The reports relate to services in Dublin South Central, Cavan/Monaghan and Dublin North City
The Health Information and Quality Authority (HIQA) has found standards on safeguarding and reviews of foster carers is "majorly non-compliant" in three areas.
It also found that garda vetting had not been updated and elements of overcrowding in some foster care households.
It has published three inspection reports on foster care services operated by the Child and Family Agency (Tusla).
They relates to services in the Dublin South Central, Cavan/Monaghan and Dublin North City.
HIQA found while the standard on assessment and approval of non-relative carers was found to be compliant or substantially compliant in all three service areas, the standards on safeguarding and reviews of foster carers was judged to be "majorly non-compliant".
In all three inspections, inspectors found that there were not always appropriate safeguarding arrangements in place, child protection concerns were not always managed in line with the Children First policy, and routine reviews of foster carers were not taking place.
HIQA says: "This meant that the service could not ensure that foster carers had the continuing capacity to provide safe care.
"Garda Síochána vetting had not been updated and foster carers' performance, training needs and support requirements had also not been reviewed."
Of the eight standards assessed, seven were found to be non-compliant, two of which were judged to be majorly non-compliant.
These included safeguarding and child protection and reviews of foster carers.
HIQA says: "Good practice was found in relation to assessments of both general and relative foster carers, though there were some delays in completing assessments of relative carers.
"The quality of supervision, when it did occur, was good.
"However, there were insufficient foster carers in the area to meet the demands of the service.
"At times this resulted in more children being placed in a foster care household than is recommended.
"The foster care committee in the area was not fully compliant with national policy."
"While there were a number of safeguarding measures in place, not all foster carers or members of foster care households who were over 16 years were garda vetted."
One standard was compliant, while seven were found to be non-compliant.
Six standards were found to be in major non-compliance.
HIQA says: "Similar to an inspection of this area in November 2016, the management of the service was crisis led rather than delivered in a planned manner.
"Inspectors found that improvements had been achieved in relation to garda vetting of all staff.
"However, the area continued to be challenged by staff vacancies which impacted on the completion of assessments, support and supervision of foster carers and the completion of up-to-date reviews of foster carers."
HIQA also identified a number of serious risks - including long delays in the commencement and completion of relative foster carer assessments and in achieving a decision from the foster care committee.
It also says not all children received a timely and appropriate response when a child protection concern was made.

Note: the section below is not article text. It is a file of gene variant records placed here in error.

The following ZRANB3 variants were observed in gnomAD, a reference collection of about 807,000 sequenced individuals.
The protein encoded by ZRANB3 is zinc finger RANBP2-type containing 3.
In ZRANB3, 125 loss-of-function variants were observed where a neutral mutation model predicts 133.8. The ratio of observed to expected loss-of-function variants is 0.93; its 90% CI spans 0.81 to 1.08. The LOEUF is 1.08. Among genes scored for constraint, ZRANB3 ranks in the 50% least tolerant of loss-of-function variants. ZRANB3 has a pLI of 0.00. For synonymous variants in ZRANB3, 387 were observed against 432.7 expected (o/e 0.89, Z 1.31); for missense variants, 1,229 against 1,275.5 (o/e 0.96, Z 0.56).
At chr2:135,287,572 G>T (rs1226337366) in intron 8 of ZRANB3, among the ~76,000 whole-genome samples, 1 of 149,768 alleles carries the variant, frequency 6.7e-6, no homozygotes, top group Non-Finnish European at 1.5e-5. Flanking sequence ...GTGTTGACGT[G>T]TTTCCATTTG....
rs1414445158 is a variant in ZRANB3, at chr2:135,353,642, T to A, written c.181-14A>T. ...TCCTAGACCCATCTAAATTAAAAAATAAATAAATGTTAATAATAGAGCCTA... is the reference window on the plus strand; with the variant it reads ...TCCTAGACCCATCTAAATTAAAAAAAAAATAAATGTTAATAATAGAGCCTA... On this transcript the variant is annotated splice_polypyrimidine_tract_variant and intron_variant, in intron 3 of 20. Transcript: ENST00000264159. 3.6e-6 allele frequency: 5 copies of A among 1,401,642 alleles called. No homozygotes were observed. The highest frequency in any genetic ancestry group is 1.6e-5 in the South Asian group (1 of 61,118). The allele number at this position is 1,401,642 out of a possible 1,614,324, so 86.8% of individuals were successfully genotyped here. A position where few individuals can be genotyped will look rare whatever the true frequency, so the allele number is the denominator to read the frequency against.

Other safeguarding components, including supervision and support of foster carers, the use of safety plans, updated garda vetting of foster carers and garda vetting of members of foster care households who were over 16 years, and training were inadequate.
Of the eight standards assessed here, two standards were substantially compliant, and six standards were found to be non-compliant.
Five standards were judged to be in major non-compliance.
It says: "Good quality assessments of general foster carers were being carried out, though not always within the 16-week time frame set out in the standards.
"The service had significant challenges in completing assessments of relative carers and there was drift and delay with some of these assessments.
"Assessments carried out by Tusla were of good quality, but there were gaps in Tusla's oversight of those undertaken by private agencies."
It also says appropriate safeguarding arrangements were not in place for all foster carers here.
"Not all members of foster care households who were over 16 years of age were garda vetted and foster carers did not always have regular home visits with their link worker.
"In addition, 30 foster carers in the area had not been allocated a link worker and more needed to be done to ensure that these carers received adequate support and supervision."
In conclusion, HIQA says all of the service areas have provided action plan responses to address the non-compliances identified on inspection, which contain timelines for implementing these actions.
Commenting on the reports, Tusla chief operations officer Jim Gibson says: "HIQA inspections are an important measurement and oversight tool for us in Tusla and allow us to ensure that our services operate at the highest possible standard.
"These reports show evidence of positive practice and improvements in services.
"The reports also identify areas for improvement which we are targeting through comprehensive action plans which were agreed with HIQA."
“This work takes time and we are committed to implementing the required actions as promptly as possible to improve the service for children, families and our foster carer community."
It has also outlined measures in place to improve the services and standards.